Since the last Data Protection Day, the EU has made great strides in ensuring businesses respect and protect individuals’ personal data, with the General Data Protection Regulation (GDPR) coming into force on 25 May. The US looks set to follow suit with the California Consumer Privacy Act, which has a lot of similarities to GDPR, coming into force in January 2020. Further, Google’s recent €50 million fine by France and cyber security breaches reportedly costing UK victims over £190,000 a day shows still have a long way to go to ensure businesses truly protect personal data.
While some organisations are slowly working towards complying with GDPR, others are proactively reviewing their policies, processes and training. To help with compliance, the VinciWorks GDPR resource page is regularly updated with policy templates, five minute knowledge checks and direct access to all our GDPR webinars.
The new Market Rules courses contain interactive scenario questions to test users’ understanding of the law
VinciWorks has released two new courses under the subject of Market Rules to help businesses train their staff and comply with complex competition law and market abuse rules. Coming against the backdrop of increasing enforcement action from the Competition and Markets Authority and the Financial Conduct Authority, VinciWorks’ new Market Rules courses will cover UK competition law and the European Union’s Market Abuse Regulations.
Competition Law: Know Your Market
Competition Law: Know Your Market drops users into a set of immersive scenarios to test their knowledge, understanding, and ability to comply with UK competition law.
The course is broken into short modules that cover different aspects of UK competition law, including price-fixing, cartels and meetings with competitors. Each module contains simulations of real business dilemmas with key learning points related to the scenario.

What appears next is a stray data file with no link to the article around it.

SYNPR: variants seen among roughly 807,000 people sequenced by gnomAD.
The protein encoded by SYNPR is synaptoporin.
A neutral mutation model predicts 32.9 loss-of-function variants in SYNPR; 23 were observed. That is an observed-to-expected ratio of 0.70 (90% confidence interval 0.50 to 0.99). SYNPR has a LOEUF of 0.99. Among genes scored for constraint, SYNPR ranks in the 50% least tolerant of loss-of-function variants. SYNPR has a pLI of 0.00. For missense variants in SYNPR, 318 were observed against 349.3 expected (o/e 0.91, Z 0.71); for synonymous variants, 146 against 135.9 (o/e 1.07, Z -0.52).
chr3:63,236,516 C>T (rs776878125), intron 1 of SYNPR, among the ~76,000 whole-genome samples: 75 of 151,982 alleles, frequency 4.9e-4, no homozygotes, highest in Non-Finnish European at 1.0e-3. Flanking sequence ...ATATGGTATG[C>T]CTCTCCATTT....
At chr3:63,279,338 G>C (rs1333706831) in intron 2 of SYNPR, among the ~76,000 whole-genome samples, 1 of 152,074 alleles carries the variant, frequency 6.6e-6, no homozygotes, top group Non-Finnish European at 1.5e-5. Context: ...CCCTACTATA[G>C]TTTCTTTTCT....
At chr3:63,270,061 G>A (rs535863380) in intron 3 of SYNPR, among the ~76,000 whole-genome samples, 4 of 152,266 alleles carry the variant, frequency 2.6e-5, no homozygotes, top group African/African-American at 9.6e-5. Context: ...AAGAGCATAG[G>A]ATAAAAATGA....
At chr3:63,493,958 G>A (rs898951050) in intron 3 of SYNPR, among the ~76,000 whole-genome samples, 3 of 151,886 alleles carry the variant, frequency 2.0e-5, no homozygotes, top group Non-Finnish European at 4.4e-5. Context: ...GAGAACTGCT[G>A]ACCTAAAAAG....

The Fifth Money Laundering Directive has been passed. Here’s what you need to know
The Fourth Money Laundering Directive may have only recently been implemented into national law around the EU, but on 19 April 2018, the European Parliament announced it had adopted the Fifth Anti-Money Laundering Directive. On 19 June 2018 the final text was published. EU members will have 18 months to transpose the Fifth Directive into national law. However, some countries have already done so.
In a webinar on competition law, I interviewed the Competition and Markets Authority’s (CMA) David Harper and Kwadjo Adjepong. During the interview, they covered price fixing, market sharing and cartels. You can download the full interview and webinar, together with useful competition law compliance resources, here.
Lack of knowledge on competition law
In a recent study conducted by the CMA, most businesses were unclear of the dangers of breaching competition law, with a third of businesses unaware that it is illegal to fix prices. Head of Investigations and Intelligence David Harper cited that a lot of companies are more concerned with money laundering regulation, with half of businesses not even knowing it was illegal to discuss prices with other businesses in their industry. While the vast majority of companies want to do the right thing, they find all the legislation difficult to work through. David sees a big part of the CMA’s role as supporting competition to allow businesses and consumers to benefit from competition law.
The Lawyer recently published an article highlighting some of the biggest City law firms’ lack of effort in combatting workplace harassment and bullying. In the article, these large firms are criticised for only doing the minimum, if that, to ensure workplace harassment does not go unnoticed and unidentified. When faced by The Lawyer with the question of how many people have been dismissed for inappropriate behaviour in the past year, many firms avoided answering the question.